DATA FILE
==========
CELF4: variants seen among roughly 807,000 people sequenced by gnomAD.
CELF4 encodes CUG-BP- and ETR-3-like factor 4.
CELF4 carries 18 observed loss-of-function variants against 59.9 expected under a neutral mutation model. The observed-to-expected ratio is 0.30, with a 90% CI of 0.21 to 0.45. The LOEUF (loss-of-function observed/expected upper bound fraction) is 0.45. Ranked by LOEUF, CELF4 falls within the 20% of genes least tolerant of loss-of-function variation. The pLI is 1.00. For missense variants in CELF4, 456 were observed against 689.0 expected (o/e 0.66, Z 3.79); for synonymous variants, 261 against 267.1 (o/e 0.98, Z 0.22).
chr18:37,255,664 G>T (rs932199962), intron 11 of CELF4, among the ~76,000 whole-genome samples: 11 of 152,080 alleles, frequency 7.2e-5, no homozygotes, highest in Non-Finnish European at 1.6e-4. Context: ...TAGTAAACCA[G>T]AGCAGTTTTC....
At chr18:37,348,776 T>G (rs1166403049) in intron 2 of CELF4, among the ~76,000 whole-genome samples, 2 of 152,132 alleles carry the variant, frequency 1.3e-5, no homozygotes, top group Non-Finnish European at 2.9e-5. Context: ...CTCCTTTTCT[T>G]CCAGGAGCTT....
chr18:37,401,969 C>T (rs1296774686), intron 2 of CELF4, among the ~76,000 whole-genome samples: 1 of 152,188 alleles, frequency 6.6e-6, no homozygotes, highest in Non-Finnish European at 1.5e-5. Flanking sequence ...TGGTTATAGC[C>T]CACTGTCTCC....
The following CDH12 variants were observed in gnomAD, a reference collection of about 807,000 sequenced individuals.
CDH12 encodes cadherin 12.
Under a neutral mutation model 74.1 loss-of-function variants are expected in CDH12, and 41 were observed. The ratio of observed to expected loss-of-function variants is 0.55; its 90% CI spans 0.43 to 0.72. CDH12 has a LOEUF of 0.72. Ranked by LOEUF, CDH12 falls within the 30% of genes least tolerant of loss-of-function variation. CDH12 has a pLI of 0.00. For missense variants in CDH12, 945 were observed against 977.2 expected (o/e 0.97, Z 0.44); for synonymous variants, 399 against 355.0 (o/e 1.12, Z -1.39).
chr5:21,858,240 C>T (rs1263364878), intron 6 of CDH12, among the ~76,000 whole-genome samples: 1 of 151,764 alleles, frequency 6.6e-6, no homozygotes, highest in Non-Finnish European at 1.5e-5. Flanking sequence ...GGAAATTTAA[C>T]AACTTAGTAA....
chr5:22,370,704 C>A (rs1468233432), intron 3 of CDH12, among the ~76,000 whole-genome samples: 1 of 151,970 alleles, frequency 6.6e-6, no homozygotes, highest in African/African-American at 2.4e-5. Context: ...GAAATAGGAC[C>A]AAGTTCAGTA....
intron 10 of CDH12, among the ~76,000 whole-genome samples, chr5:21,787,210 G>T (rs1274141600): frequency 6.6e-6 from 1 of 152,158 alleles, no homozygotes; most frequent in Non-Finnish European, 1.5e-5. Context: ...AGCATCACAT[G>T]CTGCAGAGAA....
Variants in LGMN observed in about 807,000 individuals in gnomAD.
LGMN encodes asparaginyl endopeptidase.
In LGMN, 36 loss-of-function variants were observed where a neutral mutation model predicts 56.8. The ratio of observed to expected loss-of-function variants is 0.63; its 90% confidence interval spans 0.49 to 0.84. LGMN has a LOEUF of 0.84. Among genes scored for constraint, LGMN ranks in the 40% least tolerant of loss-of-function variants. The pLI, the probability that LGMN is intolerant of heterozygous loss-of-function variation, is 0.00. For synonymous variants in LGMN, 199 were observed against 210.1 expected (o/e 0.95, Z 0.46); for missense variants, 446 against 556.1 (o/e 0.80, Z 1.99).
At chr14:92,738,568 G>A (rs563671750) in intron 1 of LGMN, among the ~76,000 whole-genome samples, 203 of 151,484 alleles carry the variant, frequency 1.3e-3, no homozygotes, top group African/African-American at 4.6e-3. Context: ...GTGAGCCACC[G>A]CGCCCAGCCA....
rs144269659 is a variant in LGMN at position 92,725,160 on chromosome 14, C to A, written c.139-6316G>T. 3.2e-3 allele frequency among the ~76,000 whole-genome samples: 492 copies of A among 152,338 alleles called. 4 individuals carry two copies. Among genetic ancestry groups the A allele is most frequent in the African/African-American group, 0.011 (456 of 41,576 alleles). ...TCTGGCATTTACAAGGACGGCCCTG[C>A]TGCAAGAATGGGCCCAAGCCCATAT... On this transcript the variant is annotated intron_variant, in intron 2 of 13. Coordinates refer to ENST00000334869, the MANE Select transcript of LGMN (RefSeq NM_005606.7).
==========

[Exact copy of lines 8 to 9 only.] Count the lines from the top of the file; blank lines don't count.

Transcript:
CDH12 encodes cadherin 12.
Under a neutral mutation model 74.1 loss-of-function variants are expected in CDH12, and 41 were observed. The ratio of observed to expected loss-of-function variants is 0.55; its 90% CI spans 0.43 to 0.72. CDH12 has a LOEUF of 0.72. Ranked by LOEUF, CDH12 falls within the 30% of genes least tolerant of loss-of-function variation. CDH12 has a pLI of 0.00. For missense variants in CDH12, 945 were observed against 977.2 expected (o/e 0.97, Z 0.44); for synonymous variants, 399 against 355.0 (o/e 1.12, Z -1.39).